“Alarming” Rates of Late-Stage HIV Diagnosis Shows us We Need HIV Testing Week More Than Ever

Despite what is called the “Prince Harry effect”, there are alarming rates of late-stage HIV diagnosis in the UK. 50,000 men are now living with HIV in the UK and 1 in 7 are unaware they have the virus.

These alarming figures are thanks to Public Health England just ahead of National HIV Testing Week and in light of these findings Ian Green, chief executive of Terrence Higgins Trust, has said that we need National HIV Testing Week “now more than ever”.

Despite the ease of access and availability of HIV testing in the UK, it still carries with it a heavy social stigma which prevents people from being forward. The huge uptick of testing we saw in the wake of Prince Harry’s live HIV test on Facebook shows that while visibility is important, there are still huge strides to be made.

Green said: “The ‘Prince Harry effect’ showed us just now much work there is still to be done to tackle stigma around testing for HIV – as soon as one high profile individual lifted the lid on how easy it is to take an HIV test, people’s fear temporarily evaporated.”

“The HIV epidemic hasn’t gone away; there are still alarming and unacceptable rates of undiagnosed HIV and late diagnoses in the UK, even among men who have sex with men, a community where HIV awareness is higher than average. People who have undiagnosed HIV face poorer health and are more likely to pass the virus onto others.”

The number of men who engage in same-sex activities newly diagnosed with HIV remained at a worryingly high 3,200 last year, however diagnoses rates among that same group was lower than the year previous.

Figures revealed that 30% of gay or bisexual men newly diagnosed in 2015 had late-stage HIV, compared with the overall level of 39%. While this was a slight decrease from the peak of 3,360 new diagnoses in the previous year, it still remains high overall.

The figures also showed that straight men are most likely to be diagnosed in the later stages of the disease (55%) followed by black African men and women (53%) and straight women (49 %). Men who have sex with men are below average (30 %) when it comes to being diagnosed late, but are still a high HIV risk.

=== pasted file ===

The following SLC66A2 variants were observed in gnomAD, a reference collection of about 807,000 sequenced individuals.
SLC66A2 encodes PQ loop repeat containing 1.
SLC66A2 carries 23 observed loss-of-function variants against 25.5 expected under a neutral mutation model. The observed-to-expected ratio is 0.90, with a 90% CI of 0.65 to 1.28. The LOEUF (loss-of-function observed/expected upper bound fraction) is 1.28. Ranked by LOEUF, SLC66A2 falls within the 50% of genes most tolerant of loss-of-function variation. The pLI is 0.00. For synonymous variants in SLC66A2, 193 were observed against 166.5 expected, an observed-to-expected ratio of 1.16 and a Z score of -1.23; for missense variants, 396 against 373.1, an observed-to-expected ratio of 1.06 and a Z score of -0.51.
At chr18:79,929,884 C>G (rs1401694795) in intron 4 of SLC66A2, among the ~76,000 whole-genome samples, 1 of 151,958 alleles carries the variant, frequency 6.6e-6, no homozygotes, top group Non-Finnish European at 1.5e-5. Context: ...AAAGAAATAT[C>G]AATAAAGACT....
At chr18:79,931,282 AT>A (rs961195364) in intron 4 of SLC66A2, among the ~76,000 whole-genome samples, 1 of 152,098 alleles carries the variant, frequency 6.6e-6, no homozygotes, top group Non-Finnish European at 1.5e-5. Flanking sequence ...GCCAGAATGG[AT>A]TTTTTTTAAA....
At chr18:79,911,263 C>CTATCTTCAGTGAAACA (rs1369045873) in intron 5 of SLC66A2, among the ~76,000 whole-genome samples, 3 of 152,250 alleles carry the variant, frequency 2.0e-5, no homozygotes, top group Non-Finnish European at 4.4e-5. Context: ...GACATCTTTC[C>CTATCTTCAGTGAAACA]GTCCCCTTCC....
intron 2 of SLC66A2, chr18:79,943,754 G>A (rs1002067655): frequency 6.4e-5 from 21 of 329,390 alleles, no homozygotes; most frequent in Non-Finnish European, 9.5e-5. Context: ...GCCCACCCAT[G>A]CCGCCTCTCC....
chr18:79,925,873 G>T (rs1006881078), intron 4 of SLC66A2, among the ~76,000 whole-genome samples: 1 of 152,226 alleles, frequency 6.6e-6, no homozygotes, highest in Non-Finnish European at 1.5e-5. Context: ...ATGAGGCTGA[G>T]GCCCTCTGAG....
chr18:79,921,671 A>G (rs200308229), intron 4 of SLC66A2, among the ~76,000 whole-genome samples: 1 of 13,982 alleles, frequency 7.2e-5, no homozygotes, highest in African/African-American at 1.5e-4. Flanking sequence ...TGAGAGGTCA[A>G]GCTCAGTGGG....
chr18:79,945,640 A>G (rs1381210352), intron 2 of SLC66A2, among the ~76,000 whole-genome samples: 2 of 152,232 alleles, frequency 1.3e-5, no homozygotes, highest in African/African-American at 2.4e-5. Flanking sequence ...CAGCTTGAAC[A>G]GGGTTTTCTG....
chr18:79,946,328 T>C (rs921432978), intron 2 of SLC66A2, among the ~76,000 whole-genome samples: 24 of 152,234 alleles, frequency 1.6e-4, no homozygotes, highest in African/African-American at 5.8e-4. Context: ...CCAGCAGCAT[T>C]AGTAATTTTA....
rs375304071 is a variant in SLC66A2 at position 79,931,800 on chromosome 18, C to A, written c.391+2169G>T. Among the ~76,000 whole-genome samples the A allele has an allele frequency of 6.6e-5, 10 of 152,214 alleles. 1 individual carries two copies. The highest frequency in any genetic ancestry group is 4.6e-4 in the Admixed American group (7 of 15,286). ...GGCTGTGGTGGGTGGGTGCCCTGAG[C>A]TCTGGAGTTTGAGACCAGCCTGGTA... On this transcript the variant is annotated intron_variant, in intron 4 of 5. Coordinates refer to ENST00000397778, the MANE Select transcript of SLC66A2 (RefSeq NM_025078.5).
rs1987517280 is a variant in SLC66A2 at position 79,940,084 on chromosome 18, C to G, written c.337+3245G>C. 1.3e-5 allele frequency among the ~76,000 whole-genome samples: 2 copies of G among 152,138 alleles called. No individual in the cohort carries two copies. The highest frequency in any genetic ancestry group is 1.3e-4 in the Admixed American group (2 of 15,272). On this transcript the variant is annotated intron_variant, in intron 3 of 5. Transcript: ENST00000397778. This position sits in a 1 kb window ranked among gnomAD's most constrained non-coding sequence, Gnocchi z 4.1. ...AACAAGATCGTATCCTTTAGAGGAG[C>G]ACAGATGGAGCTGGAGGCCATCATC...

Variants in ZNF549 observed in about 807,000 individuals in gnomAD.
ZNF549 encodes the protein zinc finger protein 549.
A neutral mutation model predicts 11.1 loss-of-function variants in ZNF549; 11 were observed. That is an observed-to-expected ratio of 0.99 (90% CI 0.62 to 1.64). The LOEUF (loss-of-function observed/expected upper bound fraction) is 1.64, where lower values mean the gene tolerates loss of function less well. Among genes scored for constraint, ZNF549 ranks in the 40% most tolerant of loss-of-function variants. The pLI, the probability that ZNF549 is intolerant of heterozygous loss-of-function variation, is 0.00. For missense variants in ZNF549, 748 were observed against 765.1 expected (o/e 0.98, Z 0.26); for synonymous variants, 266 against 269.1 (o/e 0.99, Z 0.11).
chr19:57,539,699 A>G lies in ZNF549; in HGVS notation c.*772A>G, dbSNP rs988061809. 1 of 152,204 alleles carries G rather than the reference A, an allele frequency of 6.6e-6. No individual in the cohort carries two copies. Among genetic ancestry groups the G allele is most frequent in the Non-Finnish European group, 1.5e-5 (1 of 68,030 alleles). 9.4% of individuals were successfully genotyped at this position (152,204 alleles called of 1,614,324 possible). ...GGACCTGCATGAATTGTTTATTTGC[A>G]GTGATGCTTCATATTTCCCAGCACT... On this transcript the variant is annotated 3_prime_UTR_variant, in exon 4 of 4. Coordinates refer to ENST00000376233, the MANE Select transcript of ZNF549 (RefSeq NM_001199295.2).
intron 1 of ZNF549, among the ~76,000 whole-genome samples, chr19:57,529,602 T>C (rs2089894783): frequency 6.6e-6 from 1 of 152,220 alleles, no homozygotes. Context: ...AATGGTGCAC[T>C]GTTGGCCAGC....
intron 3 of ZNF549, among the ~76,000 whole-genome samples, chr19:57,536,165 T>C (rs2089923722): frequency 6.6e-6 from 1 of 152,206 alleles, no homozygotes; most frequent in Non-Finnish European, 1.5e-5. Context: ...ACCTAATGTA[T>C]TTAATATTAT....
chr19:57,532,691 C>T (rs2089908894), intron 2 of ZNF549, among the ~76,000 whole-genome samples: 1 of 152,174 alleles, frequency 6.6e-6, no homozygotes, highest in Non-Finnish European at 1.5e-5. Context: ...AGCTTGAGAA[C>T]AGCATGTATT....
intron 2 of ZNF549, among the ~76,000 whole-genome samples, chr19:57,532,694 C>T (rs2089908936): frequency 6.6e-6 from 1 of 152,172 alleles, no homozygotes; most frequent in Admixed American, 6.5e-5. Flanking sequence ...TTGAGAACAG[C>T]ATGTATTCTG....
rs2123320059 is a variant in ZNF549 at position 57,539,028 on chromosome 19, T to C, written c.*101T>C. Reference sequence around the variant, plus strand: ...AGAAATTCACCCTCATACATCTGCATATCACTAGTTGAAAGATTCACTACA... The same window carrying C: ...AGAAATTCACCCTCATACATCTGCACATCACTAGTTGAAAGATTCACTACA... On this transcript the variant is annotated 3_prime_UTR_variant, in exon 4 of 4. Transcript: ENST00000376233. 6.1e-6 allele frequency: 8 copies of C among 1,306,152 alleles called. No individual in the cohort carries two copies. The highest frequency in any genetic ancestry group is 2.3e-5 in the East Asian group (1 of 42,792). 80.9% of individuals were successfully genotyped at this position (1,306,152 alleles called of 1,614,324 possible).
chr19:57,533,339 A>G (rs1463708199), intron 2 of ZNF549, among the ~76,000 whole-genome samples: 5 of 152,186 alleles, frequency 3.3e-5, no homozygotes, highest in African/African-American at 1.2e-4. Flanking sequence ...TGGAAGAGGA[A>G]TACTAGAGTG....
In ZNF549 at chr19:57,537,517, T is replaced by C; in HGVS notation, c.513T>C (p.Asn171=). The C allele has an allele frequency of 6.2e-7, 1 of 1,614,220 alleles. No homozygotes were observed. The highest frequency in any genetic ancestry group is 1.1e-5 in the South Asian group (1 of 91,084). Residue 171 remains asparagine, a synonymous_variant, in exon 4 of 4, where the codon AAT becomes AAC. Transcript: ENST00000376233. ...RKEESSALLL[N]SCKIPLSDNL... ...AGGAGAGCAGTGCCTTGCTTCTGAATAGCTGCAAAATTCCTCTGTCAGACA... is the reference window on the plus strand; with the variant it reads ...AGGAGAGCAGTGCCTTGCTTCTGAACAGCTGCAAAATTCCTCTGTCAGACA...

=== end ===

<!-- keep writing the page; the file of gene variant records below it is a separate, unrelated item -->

Green continued: “Men who have sex with men are still one of the hardest-hit communities for HIV in the UK, representing half of those living with HIV. We already have a powerful tool that could help stop the epidemic in its tracks: the HIV test. People who know their status can get onto effective treatment, which stops the virus from being passed on.”

“But too many people are missing out on HIV tests and therefore this life-changing treatment – perhaps due to fear of the result, or the assumption that they’re not at risk. As National HIV Testing Week approaches, we want to create a culture shift so that regular and routine testing becomes the norm.”

Dr Christian Jessen, a longstanding supporter of National HIV Testing Week, has also joined the calls for more regular testing and testing awareness among the general public: “I’m a fervent champion of National HIV Testing Week. I often find that people are really afraid of taking an HIV test – it can sound like a daunting prospect, but honestly it isn’t. Testing puts you in control.”

“Many people living with HIV do not know they have it – and are therefore likely to unwittingly pass on the virus. On the other hand, those who get a positive result and onto effective treatment can live a long and healthy life, and cannot pass on HIV to others. It’s a no brainer. The challenge is now to bust the stigma that stops people getting tested in the first place. The sooner we can do that, the quicker we can stop HIV.”

If you want to find out more about National HIV Testing Week and how easy it is to get tested, head to startswithme.org.uk

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